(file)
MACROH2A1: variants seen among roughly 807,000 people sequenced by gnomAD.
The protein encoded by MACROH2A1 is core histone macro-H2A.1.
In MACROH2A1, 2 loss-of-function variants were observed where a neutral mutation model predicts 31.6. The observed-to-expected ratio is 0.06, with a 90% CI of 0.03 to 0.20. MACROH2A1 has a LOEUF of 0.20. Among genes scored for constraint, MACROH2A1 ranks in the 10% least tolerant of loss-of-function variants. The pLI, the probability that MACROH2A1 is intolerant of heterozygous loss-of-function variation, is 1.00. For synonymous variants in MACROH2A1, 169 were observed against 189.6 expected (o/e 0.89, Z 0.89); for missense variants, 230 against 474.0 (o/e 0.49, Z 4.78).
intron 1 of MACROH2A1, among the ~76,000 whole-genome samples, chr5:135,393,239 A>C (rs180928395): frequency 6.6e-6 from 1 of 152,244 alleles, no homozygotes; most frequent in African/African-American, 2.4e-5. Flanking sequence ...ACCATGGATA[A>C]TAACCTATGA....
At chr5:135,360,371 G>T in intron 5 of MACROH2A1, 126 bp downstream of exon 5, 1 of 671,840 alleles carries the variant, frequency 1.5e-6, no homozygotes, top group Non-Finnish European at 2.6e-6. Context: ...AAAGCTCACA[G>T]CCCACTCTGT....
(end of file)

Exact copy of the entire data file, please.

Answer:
MACROH2A1: variants seen among roughly 807,000 people sequenced by gnomAD.
The protein encoded by MACROH2A1 is core histone macro-H2A.1.
In MACROH2A1, 2 loss-of-function variants were observed where a neutral mutation model predicts 31.6. The observed-to-expected ratio is 0.06, with a 90% CI of 0.03 to 0.20. MACROH2A1 has a LOEUF of 0.20. Among genes scored for constraint, MACROH2A1 ranks in the 10% least tolerant of loss-of-function variants. The pLI, the probability that MACROH2A1 is intolerant of heterozygous loss-of-function variation, is 1.00. For synonymous variants in MACROH2A1, 169 were observed against 189.6 expected (o/e 0.89, Z 0.89); for missense variants, 230 against 474.0 (o/e 0.49, Z 4.78).
intron 1 of MACROH2A1, among the ~76,000 whole-genome samples, chr5:135,393,239 A>C (rs180928395): frequency 6.6e-6 from 1 of 152,244 alleles, no homozygotes; most frequent in African/African-American, 2.4e-5. Flanking sequence ...ACCATGGATA[A>C]TAACCTATGA....
At chr5:135,360,371 G>T in intron 5 of MACROH2A1, 126 bp downstream of exon 5, 1 of 671,840 alleles carries the variant, frequency 1.5e-6, no homozygotes, top group Non-Finnish European at 2.6e-6. Context: ...AAAGCTCACA[G>T]CCCACTCTGT....